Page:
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  Real GDP was Revised to a -0.7% Annual Rate in Q1
Posted Under: Data Watch • GDP
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Implications: Look out for the Pouting Pundits of Pessimism calling for a recession. Today's GDP report showed contraction, but the report is for Q1, the last days of which ended two months ago, so it's a "rearview mirror" picture of the economy and very likely a distorted one. Real GDP growth was revised down to a -0.7% annual rate from an original estimate of +0.2%. But as we have always argued, there were three main temporary culprits behind the Q1 weakness: plummeting energy prices, bad weather, and West Coast port strikes – all of which have dissipated. Also, part of the downward revision was due to lower inventories, which leaves more room for growth in future quarters. There also seems to be a fourth factor that held down growth in Q1 and it has nothing to do with actual output, but how the government seasonally adjusts the data. A study from the Federal Reserve shows that the government hasn't been adjusting the data correctly based on the time of year. In turn, the wrong adjustments have meant growth looks artificially low in the first quarter, and artificially high in other quarters. The average for the year is the same, but it should be spread out more evenly than the government data now show. Luckily, the government is aware of the problem and will release new seasonal adjustment methods for GDP in late July. This puts the Fed in an interesting place. If the data are really better than what the government now says, and if the economic data continue to show a pick-up in activity, a June rate hike does not seem like much of a stretch. Today's report also provided the first glimpse at overall corporate profits, and just like GDP, the headline was ugly. Corporate profits fell 5.9% in Q1, but the drop in both real GDP and profits resembles what happened in the first quarter of last year, after which profits rebounded sharply. Keep in mind that despite the drop in Q1, corporate profits are still up 3.7% from a year ago. In other news yesterday, pending home sales (contracts on existing homes) increased 3.4% in April, hitting a nine-year high. This report suggests existing home sales, which are counted at closing, will show a solid gain in May. Also yesterday, initial claims increased 7,000 last week to 282,000 and continuing claims increased 11,000 to 2.22 million. Plugging these figures into our payroll models suggests a nonfarm gain of 234,000 in May. (The forecast will change as we get more data in the next week on claims, the ADP index, and consumer spending.)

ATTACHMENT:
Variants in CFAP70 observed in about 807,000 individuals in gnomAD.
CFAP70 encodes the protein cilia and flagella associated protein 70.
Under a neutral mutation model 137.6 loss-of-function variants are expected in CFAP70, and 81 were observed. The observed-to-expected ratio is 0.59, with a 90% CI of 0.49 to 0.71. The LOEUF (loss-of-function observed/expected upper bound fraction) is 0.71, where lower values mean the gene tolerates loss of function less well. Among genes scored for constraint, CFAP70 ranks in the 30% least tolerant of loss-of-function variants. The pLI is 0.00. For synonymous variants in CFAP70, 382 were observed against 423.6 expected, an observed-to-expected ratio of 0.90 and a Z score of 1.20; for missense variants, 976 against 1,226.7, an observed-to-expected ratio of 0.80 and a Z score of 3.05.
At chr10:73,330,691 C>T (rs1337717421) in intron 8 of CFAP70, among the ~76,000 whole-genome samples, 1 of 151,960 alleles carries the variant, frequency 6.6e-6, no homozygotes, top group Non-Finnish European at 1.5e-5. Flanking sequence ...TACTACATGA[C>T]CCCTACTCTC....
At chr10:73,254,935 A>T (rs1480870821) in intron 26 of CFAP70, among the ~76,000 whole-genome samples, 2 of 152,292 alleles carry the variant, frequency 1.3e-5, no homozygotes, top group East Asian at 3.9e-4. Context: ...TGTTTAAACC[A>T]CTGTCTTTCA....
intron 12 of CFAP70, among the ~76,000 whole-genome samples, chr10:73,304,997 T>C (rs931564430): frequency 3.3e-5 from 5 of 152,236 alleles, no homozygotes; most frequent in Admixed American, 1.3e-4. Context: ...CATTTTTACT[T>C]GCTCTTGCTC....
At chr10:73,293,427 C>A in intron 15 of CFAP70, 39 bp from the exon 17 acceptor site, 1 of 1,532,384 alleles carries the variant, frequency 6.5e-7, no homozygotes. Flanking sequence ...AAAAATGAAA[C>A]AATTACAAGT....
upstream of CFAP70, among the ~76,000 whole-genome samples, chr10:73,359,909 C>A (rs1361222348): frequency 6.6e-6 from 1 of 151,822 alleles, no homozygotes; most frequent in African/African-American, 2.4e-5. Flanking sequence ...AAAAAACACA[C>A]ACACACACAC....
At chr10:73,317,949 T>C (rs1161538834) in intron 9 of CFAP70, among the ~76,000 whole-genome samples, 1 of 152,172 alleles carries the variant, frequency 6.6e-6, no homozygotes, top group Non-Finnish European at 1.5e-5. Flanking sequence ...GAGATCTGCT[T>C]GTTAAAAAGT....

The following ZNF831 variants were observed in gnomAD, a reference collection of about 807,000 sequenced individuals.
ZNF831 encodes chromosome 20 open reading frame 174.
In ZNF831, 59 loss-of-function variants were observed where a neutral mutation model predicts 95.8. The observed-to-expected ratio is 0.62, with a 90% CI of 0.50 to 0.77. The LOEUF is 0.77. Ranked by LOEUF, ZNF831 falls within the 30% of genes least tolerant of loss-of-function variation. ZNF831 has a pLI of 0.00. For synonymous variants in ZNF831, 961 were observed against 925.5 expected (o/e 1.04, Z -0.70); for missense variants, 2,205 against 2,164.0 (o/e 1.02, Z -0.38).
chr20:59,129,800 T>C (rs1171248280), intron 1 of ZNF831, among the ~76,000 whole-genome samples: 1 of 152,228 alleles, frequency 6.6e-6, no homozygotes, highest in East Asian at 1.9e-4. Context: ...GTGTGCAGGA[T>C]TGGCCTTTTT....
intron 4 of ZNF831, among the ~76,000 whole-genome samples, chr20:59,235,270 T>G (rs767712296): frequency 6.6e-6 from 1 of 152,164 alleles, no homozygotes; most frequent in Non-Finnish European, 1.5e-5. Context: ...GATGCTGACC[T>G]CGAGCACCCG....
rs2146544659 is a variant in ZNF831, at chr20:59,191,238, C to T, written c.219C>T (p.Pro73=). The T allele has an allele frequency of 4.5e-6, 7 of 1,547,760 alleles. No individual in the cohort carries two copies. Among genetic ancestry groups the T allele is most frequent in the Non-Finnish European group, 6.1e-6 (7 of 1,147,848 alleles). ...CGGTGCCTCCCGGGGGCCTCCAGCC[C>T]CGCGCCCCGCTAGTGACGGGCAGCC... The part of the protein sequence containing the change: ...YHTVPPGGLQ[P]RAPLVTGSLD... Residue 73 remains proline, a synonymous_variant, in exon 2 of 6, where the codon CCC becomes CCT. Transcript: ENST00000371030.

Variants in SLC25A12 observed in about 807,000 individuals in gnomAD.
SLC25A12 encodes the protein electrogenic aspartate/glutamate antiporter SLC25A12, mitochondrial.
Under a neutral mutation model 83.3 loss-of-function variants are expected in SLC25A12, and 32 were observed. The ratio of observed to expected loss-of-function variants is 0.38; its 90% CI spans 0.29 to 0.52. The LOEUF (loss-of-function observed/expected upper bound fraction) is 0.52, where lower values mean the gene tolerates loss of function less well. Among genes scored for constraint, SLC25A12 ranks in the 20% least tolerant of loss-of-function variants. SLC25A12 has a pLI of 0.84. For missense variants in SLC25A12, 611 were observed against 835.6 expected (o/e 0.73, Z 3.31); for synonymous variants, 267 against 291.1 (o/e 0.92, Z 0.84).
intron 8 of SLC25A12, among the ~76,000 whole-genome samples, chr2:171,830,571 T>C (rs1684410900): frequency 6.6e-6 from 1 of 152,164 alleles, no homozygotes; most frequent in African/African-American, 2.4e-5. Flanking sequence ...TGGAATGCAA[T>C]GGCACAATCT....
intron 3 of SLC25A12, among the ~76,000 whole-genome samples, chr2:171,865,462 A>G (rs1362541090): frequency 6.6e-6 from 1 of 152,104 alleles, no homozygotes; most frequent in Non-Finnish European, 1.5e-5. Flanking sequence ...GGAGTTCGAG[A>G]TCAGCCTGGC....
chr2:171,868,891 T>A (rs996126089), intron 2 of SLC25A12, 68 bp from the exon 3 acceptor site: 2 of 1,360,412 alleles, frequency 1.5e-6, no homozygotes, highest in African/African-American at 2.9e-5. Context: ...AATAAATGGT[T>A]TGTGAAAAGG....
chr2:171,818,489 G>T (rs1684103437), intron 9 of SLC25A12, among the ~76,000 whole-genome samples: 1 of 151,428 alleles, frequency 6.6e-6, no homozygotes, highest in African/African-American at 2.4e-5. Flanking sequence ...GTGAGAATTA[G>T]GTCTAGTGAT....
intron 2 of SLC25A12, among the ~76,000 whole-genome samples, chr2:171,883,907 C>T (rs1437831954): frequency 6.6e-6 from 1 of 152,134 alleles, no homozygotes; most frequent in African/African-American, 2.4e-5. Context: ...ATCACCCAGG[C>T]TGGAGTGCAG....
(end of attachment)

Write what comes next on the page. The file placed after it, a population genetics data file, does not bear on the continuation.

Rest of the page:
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Posted on Friday, May 29, 2015 @ 10:17 AM • Post Link Print this post Printer Friendly

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